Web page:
Exercise matters

Almost one-quarter of the over-65 population has some degree of cognitive impairment, Dr. Sandra E. Black told the audience at the 2008 Women’s Health Matters Forum and Expo in Toronto in January. The professor of neurology at the University of Toronto’s medical school noted, however, that exercise can play a significant role in maintaining brain health. “Run in place – you’ll protect your brain,” she teased people standing at the back of the packed seminar room.

Alzheimer’s disease and stroke represent dual threats to brain function, Black said. Patients may suffer dementia, which she defined as memory impairment plus difficulty in at least one other cognitive domain. This can disrupt social interaction or affect competency on the job.

Although brain shrinkage occurs in Alzheimer’s disease, Black said the primary problem is the formation of plaques made of a protein called amyloid. Other proteins form tangles within nerve cells. As these tangles and plaques develop they interrupt nerve cell communication in the brain, eventually interfering with memory retrieval, reasoning and language perception. (Alois Alzheimer first described the disease in 1906. The patient, Auguste Deter, a 51-year-old woman, sadly remarked, “I have lost myself.”)

Black also pointed out strokes can happen silently, leaving tiny lesions in the brain. When these are present, less Alzheimer’s pathology is needed to cause dementia, making the coexistence of the two disorders extremely significant.

Early in the 20th century, people could expect to live an average of 47 years; many over 65 seemed old and ill. By 1990, life expectancy had reached 75, and 65-year-olds were much healthier than their earlier counterparts. Now the challenge is to help these aging people preserve cognition and mental health, Black said.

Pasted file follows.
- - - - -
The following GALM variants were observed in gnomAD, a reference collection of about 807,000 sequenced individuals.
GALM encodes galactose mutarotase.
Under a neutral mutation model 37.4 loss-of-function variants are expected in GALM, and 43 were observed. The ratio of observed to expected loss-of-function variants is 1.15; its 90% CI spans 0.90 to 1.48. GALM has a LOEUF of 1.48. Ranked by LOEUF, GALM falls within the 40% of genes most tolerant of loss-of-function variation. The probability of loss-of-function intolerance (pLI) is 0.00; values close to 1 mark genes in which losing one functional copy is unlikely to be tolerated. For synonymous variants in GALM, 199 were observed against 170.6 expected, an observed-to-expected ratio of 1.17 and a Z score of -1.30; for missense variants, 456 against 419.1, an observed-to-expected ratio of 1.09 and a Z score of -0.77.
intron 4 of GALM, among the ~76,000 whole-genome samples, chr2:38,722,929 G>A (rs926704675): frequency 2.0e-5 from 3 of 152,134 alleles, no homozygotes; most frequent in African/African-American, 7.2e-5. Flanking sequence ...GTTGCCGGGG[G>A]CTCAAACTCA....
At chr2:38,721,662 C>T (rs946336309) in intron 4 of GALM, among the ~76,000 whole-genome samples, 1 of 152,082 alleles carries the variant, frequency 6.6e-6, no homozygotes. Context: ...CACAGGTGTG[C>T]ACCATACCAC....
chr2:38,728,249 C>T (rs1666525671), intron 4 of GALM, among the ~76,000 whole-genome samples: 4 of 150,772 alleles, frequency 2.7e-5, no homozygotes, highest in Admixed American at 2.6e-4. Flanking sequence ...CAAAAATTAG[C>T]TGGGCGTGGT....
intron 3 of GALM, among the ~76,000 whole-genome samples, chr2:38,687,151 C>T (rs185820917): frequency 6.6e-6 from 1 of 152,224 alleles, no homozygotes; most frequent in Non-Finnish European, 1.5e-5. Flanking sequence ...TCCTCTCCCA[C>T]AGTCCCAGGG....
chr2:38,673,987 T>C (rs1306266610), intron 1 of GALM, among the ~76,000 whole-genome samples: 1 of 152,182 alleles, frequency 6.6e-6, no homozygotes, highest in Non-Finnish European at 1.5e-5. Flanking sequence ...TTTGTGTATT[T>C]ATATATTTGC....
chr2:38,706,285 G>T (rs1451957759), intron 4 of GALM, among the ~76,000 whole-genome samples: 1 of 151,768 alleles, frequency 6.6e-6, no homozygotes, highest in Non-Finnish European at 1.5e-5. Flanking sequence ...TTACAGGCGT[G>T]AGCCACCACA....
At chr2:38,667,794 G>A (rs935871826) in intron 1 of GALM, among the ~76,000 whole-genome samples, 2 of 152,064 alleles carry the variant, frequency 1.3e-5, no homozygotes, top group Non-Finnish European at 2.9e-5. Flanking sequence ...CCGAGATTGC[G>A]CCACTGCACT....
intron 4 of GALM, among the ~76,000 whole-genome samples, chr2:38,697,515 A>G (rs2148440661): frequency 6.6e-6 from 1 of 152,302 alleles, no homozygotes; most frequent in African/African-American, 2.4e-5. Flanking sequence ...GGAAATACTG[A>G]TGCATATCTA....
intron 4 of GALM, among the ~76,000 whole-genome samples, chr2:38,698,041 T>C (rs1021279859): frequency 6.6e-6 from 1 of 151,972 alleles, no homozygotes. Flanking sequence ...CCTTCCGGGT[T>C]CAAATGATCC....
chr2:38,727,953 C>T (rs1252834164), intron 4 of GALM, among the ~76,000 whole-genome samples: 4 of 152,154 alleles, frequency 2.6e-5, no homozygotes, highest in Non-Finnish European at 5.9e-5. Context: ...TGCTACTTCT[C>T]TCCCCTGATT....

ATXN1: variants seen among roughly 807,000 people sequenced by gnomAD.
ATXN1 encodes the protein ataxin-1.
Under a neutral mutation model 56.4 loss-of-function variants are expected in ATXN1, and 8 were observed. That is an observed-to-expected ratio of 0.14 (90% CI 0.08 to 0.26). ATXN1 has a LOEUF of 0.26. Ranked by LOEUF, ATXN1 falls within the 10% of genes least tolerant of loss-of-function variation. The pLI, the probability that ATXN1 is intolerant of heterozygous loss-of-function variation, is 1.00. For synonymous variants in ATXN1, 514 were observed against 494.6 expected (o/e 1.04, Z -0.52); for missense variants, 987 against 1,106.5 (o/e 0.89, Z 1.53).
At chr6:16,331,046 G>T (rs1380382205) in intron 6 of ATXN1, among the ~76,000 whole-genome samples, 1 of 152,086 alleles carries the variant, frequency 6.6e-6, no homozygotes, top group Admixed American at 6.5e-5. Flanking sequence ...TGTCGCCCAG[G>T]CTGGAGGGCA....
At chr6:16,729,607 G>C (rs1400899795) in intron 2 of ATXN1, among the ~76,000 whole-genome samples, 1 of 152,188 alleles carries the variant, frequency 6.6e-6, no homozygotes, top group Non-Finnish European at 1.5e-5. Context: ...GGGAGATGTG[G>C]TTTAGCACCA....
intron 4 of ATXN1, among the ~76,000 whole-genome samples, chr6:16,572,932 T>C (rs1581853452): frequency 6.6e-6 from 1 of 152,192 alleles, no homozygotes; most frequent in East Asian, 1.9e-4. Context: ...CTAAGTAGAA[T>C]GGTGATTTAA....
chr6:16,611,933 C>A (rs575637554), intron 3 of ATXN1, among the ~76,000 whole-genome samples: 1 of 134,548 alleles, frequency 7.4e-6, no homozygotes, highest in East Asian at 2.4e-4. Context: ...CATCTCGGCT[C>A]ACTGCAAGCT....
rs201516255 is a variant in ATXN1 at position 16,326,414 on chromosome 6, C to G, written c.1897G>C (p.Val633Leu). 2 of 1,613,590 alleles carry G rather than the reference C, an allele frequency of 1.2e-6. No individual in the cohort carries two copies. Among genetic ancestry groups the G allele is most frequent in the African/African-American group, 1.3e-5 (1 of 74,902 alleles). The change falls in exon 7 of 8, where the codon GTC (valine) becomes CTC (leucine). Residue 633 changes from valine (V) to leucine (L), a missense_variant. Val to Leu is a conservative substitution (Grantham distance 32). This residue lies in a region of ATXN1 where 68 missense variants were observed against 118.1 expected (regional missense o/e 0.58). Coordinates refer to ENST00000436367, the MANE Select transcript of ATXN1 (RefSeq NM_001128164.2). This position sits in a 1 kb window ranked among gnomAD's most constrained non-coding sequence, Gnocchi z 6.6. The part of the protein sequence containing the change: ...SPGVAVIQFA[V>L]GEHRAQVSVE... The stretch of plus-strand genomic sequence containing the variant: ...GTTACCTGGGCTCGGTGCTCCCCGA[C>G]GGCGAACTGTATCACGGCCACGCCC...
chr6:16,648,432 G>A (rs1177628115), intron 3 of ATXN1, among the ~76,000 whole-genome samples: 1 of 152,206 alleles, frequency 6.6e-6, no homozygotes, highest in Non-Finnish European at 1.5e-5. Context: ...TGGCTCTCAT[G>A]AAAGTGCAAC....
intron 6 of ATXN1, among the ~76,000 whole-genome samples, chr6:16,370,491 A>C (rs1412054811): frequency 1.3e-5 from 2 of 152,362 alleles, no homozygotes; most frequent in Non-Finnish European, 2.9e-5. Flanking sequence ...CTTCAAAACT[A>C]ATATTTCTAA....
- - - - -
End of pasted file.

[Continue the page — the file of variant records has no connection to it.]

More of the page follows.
Stroke and Alzheimer’s share important risk factors, among them aging, family history, high blood pressure, head injury, high blood cholesterol levels, smoking and a sedentary lifestyle.

Cut back on salt, she advised, and go for high fibre low-fat natural nutrients. Keep blood pressure with normal ranges — levels over 140/90 contribute to two-thirds of strokes and half of heart disease cases.

Social interaction matters, too, she said. Staying in touch with children, family and friends and remaining engaged in life slows decline. Mentally effortful leisure activities lower the risk of dementia, she noted, advising people to read, play board games, play musical instruments and dance (good for mental and physical well-being).

Black noted exercise should be a lifelong habit, adding that exercise influences survival, even in old age. Before starting a program of physical exercise, she recommended having a check-up first.

Exercise should be vigorous to raise a sweat, she said. If possible, do 30 minutes, three times a week. And she added, you can never be too old to exercise.

Photo ©iStockphoto.com/Carmen Martínez Banús

Exercise keeps you younger
Your brain’s midlife crisis
Have fun exercising at home